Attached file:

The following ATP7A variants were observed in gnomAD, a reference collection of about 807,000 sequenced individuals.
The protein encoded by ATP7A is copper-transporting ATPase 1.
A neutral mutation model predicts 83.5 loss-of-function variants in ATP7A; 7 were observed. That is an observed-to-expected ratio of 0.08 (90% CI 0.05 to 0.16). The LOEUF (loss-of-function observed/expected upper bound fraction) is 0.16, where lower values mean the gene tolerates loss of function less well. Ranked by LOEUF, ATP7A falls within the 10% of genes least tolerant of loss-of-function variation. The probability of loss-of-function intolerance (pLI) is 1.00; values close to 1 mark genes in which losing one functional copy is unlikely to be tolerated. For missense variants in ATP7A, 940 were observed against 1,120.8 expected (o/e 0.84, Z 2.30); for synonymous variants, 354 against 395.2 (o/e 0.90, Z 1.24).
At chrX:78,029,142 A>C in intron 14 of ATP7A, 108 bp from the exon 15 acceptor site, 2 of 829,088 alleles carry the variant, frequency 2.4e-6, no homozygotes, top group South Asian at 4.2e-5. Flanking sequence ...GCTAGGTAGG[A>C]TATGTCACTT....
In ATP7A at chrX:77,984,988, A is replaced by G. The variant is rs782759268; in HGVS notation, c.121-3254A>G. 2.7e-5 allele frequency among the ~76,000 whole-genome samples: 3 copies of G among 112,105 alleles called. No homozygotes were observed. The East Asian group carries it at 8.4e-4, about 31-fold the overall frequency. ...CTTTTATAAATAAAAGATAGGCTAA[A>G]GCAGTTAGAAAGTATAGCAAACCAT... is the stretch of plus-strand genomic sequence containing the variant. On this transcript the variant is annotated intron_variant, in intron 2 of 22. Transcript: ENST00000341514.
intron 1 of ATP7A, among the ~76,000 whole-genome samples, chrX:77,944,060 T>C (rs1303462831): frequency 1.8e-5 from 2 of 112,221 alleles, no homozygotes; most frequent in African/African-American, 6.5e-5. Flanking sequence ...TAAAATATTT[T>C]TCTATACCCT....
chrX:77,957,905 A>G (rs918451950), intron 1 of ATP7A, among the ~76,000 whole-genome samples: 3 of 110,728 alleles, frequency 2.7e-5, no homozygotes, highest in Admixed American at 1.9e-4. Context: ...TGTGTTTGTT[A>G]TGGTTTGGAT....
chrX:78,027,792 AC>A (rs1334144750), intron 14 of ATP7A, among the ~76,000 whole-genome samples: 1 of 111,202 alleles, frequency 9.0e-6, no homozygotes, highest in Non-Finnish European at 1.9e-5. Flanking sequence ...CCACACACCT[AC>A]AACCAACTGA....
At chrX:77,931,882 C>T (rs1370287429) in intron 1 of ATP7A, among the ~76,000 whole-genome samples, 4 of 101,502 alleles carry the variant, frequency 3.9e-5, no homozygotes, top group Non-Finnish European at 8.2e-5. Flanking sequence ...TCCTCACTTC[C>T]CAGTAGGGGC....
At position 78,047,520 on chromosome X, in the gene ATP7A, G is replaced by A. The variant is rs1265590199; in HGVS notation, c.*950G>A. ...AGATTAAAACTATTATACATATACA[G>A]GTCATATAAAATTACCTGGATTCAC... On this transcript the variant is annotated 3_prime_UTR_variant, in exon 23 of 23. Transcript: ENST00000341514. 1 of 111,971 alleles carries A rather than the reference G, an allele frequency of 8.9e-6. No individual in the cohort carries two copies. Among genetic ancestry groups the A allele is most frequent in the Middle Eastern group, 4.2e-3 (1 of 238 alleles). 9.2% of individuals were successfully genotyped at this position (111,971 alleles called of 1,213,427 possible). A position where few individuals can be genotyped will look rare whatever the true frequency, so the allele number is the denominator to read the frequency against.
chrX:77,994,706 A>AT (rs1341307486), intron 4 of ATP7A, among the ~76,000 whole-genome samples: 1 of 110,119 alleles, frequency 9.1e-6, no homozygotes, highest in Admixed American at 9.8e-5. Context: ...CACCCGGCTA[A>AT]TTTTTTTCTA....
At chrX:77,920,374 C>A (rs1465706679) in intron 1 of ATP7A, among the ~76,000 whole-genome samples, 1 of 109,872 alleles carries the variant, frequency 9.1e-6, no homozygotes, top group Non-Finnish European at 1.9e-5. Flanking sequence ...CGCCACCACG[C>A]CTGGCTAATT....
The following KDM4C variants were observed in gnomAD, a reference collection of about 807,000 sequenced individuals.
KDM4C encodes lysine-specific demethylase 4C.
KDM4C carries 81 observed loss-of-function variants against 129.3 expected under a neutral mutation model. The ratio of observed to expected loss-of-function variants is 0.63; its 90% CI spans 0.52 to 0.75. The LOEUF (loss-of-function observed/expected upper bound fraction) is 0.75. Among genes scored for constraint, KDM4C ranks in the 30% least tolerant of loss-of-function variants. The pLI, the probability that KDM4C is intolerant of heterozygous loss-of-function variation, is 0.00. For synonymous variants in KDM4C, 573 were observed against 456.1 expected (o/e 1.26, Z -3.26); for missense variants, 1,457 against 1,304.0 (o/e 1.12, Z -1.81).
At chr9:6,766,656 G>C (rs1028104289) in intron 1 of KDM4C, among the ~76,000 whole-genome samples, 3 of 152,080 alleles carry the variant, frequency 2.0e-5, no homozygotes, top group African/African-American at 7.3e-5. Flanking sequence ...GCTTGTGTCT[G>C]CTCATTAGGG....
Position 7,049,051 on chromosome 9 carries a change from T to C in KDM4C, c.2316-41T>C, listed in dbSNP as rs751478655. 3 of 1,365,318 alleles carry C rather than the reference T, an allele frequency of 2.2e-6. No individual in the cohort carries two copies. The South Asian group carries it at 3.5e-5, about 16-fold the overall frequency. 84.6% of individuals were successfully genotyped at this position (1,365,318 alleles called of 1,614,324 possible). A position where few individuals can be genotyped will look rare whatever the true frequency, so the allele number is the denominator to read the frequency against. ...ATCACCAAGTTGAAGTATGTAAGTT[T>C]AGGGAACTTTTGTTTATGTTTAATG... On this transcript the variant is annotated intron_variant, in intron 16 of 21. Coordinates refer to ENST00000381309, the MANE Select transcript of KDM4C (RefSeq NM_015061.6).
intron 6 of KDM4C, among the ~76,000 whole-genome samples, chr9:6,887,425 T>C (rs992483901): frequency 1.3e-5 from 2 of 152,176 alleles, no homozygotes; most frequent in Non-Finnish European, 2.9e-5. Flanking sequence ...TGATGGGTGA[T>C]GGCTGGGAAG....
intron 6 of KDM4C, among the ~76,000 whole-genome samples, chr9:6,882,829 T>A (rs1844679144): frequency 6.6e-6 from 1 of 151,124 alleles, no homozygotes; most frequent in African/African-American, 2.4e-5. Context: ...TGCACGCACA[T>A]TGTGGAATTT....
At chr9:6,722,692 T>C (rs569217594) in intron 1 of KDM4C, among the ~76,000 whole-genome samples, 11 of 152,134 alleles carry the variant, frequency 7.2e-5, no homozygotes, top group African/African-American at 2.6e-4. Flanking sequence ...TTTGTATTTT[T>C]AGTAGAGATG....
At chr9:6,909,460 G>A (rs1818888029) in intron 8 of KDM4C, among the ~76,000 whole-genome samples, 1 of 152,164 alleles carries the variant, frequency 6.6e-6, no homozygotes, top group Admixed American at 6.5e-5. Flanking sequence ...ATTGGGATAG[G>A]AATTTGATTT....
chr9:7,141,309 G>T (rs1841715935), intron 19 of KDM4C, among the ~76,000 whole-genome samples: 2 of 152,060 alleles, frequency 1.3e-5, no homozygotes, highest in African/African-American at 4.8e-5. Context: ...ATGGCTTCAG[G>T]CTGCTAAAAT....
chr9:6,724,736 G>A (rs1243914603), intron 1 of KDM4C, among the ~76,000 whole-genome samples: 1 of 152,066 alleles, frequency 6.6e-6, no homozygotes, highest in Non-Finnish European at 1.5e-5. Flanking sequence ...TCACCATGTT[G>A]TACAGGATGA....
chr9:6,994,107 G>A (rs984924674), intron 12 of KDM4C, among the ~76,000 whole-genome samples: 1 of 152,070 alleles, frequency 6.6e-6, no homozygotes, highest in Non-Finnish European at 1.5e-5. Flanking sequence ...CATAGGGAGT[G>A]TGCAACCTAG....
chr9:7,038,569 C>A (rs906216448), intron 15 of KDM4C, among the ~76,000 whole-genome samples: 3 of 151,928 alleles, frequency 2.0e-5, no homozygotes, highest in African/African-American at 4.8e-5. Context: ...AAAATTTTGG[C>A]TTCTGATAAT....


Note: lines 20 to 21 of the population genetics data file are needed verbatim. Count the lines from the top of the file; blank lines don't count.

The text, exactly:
At chr9:6,722,692 T>C (rs569217594) in intron 1 of KDM4C, among the ~76,000 whole-genome samples, 11 of 152,134 alleles carry the variant, frequency 7.2e-5, no homozygotes, top group African/African-American at 2.6e-4. Flanking sequence ...TTTGTATTTT[T>C]AGTAGAGATG....
At chr9:6,909,460 G>A (rs1818888029) in intron 8 of KDM4C, among the ~76,000 whole-genome samples, 1 of 152,164 alleles carries the variant, frequency 6.6e-6, no homozygotes, top group Admixed American at 6.5e-5. Flanking sequence ...ATTGGGATAG[G>A]AATTTGATTT....